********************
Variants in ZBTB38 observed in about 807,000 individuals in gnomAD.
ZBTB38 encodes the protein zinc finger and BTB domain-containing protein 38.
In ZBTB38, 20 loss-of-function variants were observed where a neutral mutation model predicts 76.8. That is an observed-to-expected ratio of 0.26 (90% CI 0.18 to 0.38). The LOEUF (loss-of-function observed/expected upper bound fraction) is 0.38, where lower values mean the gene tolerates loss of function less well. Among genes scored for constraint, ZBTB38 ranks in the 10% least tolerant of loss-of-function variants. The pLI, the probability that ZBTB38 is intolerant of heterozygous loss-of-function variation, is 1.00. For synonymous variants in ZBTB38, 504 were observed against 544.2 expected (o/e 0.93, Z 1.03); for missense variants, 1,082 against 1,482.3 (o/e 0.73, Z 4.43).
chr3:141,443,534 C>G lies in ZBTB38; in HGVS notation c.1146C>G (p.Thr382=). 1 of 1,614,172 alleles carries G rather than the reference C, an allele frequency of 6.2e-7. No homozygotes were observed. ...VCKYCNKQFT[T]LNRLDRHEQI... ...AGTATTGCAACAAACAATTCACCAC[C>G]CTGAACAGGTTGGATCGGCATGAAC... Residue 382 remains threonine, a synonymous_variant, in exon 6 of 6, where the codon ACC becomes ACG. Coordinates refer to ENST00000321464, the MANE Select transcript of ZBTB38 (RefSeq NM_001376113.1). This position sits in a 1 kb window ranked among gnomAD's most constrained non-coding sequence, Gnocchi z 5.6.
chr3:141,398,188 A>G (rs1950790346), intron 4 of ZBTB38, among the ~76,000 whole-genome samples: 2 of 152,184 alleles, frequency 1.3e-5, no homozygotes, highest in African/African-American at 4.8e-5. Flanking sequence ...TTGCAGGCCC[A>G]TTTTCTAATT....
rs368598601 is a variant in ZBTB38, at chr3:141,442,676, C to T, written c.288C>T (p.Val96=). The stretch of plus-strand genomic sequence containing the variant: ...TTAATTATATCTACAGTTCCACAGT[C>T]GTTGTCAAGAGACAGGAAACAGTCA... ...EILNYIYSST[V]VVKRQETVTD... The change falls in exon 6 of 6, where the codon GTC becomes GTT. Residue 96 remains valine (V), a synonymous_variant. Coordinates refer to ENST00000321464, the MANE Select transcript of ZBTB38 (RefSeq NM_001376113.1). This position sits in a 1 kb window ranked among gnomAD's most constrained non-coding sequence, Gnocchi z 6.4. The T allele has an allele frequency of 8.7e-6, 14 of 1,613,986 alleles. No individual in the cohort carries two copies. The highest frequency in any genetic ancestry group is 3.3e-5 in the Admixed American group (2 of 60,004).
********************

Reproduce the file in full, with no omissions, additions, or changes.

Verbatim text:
Variants in ZBTB38 observed in about 807,000 individuals in gnomAD.
ZBTB38 encodes the protein zinc finger and BTB domain-containing protein 38.
In ZBTB38, 20 loss-of-function variants were observed where a neutral mutation model predicts 76.8. That is an observed-to-expected ratio of 0.26 (90% CI 0.18 to 0.38). The LOEUF (loss-of-function observed/expected upper bound fraction) is 0.38, where lower values mean the gene tolerates loss of function less well. Among genes scored for constraint, ZBTB38 ranks in the 10% least tolerant of loss-of-function variants. The pLI, the probability that ZBTB38 is intolerant of heterozygous loss-of-function variation, is 1.00. For synonymous variants in ZBTB38, 504 were observed against 544.2 expected (o/e 0.93, Z 1.03); for missense variants, 1,082 against 1,482.3 (o/e 0.73, Z 4.43).
chr3:141,443,534 C>G lies in ZBTB38; in HGVS notation c.1146C>G (p.Thr382=). 1 of 1,614,172 alleles carries G rather than the reference C, an allele frequency of 6.2e-7. No homozygotes were observed. ...VCKYCNKQFT[T]LNRLDRHEQI... ...AGTATTGCAACAAACAATTCACCAC[C>G]CTGAACAGGTTGGATCGGCATGAAC... Residue 382 remains threonine, a synonymous_variant, in exon 6 of 6, where the codon ACC becomes ACG. Coordinates refer to ENST00000321464, the MANE Select transcript of ZBTB38 (RefSeq NM_001376113.1). This position sits in a 1 kb window ranked among gnomAD's most constrained non-coding sequence, Gnocchi z 5.6.
chr3:141,398,188 A>G (rs1950790346), intron 4 of ZBTB38, among the ~76,000 whole-genome samples: 2 of 152,184 alleles, frequency 1.3e-5, no homozygotes, highest in African/African-American at 4.8e-5. Flanking sequence ...TTGCAGGCCC[A>G]TTTTCTAATT....
rs368598601 is a variant in ZBTB38, at chr3:141,442,676, C to T, written c.288C>T (p.Val96=). The stretch of plus-strand genomic sequence containing the variant: ...TTAATTATATCTACAGTTCCACAGT[C>T]GTTGTCAAGAGACAGGAAACAGTCA... ...EILNYIYSST[V]VVKRQETVTD... The change falls in exon 6 of 6, where the codon GTC becomes GTT. Residue 96 remains valine (V), a synonymous_variant. Coordinates refer to ENST00000321464, the MANE Select transcript of ZBTB38 (RefSeq NM_001376113.1). This position sits in a 1 kb window ranked among gnomAD's most constrained non-coding sequence, Gnocchi z 6.4. The T allele has an allele frequency of 8.7e-6, 14 of 1,613,986 alleles. No individual in the cohort carries two copies. The highest frequency in any genetic ancestry group is 3.3e-5 in the Admixed American group (2 of 60,004).